Policy makers procrastinate with old treatments, as NM’s woes worsen.

An early commercial ECG device (1911). Public Domain.

So, it looks like procrastination will prevail over the writing of a new treatment plan for New Mexico’s economic and governmental disorders.

Today, in Santa Fe, the legislature will convene and likely adjourn quickly – keeping in place antiquated apparatus and procedures which are barely keeping the patient alive – methods which harken to a time when the land of enchantment became the 47th state.

The governor signed a budget bill a few days ago, containing language fashioning a one-time bonding device to borrow money to balance the budget.

And as the finger pointing ensues over who is to blame for a bottomed-out economy, the public holds its collective breath – hoping bond rating agencies don’t notice that the proverbial can labeled: ‘revenue reform’ is once again, clinking down the road.

Governor Martinez vetoed the revenue bills passed by the Democratically controlled House and Senate (with some Republican support), just as she warned she would do the day before the special session began, unless legislators tackled tax reform.

After Speaker Brian Egolf (D – Santa Fe) told Matt Grubs of the Santa Fe Reporter, and other journalists, that “We’re not going to do it. It’s dead,” before the session started, the governor’s spokesperson, Michael Lonegran wrote in email, “If the Speaker doesn’t want to consider tax reform, then he shouldn’t waste time passing tax hikes, because they will all be vetoed.”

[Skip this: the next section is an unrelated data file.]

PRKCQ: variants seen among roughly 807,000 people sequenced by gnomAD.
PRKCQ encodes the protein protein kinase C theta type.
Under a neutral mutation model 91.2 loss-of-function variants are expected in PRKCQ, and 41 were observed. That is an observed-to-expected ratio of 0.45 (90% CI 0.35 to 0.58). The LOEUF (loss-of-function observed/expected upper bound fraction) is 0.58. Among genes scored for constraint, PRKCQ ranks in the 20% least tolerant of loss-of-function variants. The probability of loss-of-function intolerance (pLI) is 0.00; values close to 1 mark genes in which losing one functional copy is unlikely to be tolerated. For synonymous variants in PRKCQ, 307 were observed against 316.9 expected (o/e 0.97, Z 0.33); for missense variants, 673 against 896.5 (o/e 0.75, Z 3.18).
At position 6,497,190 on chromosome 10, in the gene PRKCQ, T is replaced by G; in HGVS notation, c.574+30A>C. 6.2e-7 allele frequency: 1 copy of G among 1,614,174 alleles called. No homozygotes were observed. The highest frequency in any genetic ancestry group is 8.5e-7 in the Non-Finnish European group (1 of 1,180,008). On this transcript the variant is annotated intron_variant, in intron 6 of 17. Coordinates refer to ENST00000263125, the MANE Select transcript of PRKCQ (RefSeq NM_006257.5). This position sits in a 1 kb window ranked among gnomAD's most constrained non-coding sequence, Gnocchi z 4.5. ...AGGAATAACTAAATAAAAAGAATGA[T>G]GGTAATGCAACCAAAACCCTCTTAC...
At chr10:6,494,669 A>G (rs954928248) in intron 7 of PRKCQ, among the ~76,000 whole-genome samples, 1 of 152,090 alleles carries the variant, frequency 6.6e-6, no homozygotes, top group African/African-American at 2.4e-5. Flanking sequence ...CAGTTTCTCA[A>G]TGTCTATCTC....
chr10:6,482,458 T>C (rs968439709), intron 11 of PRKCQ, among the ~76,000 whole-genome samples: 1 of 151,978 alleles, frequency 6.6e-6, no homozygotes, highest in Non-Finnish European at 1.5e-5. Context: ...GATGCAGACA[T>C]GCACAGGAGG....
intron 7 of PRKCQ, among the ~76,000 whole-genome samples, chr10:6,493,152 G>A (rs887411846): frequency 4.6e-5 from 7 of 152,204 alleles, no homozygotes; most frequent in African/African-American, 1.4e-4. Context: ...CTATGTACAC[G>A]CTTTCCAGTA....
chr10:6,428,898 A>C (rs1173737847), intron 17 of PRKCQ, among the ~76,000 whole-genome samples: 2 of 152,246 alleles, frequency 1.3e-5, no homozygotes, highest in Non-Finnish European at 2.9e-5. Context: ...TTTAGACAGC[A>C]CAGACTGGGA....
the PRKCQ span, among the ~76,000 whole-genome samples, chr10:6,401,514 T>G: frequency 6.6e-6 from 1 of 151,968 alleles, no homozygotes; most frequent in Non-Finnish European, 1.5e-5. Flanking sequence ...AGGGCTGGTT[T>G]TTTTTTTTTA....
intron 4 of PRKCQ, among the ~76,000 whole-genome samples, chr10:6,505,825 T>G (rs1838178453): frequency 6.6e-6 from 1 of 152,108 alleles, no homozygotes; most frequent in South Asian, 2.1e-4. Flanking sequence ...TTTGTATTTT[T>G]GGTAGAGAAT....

Failing to engage the challenge of Governor Martinez in the so-called reform she was suggesting, the Democrats also chose (as they did in the sixty-day session) to walk away from offering their own version of a fairer way to pay for state services.

The leaders of the Democratic party in the house and senate instead announced to the people of New Mexico that reform was essentially too heavy a lift for them in the special session.

That contrasts with announcements and reports indicating the Democrats were sincere about reforming the revenue picture.

As written about in a NM Voices For Children communication, it was reported by Joey Peters of NM Political Report, on December 22, 2016, regarding efforts to reform the state’s reliance on out of date revenue policies:

“Yet incoming state House of Representatives Speaker Brian Egolf and incoming state Senate Majority Leader Peter Wirth, both Democrats from Santa Fe, signaled their support for a broad overhaul at the conference.

“Egolf said he is “absolutely committed to putting tax reform forward” and Wirth said that in the past, the legislature often approved an annual “Christmas tree bill” that would feature several tax exemptions for different items and industries. Wirth also noted that he voted for such measures in his decade-plus career in the legislature.

“The challenge here is to have the same bipartisan lovefest to do the opposite,” Wirth told the conference.”

So summing things up:

What happened in the sixty-day session with the promise about being “absolutely committed to putting tax reform forward” ?

Nothing much.

And what happened in the special session?

About the same.

When challenged by the governor to do reform in the special session, legislators instead appropriated $400,000 to do it later … to study reform in the interim.

That is a technique used extensively by legislators on both sides of the aisle to avoid issues (more on that in another story this week).

Unfortunately, in the months ahead, the state of New Mexico will continue to be a patient in critical condition, on an obsolete life support system.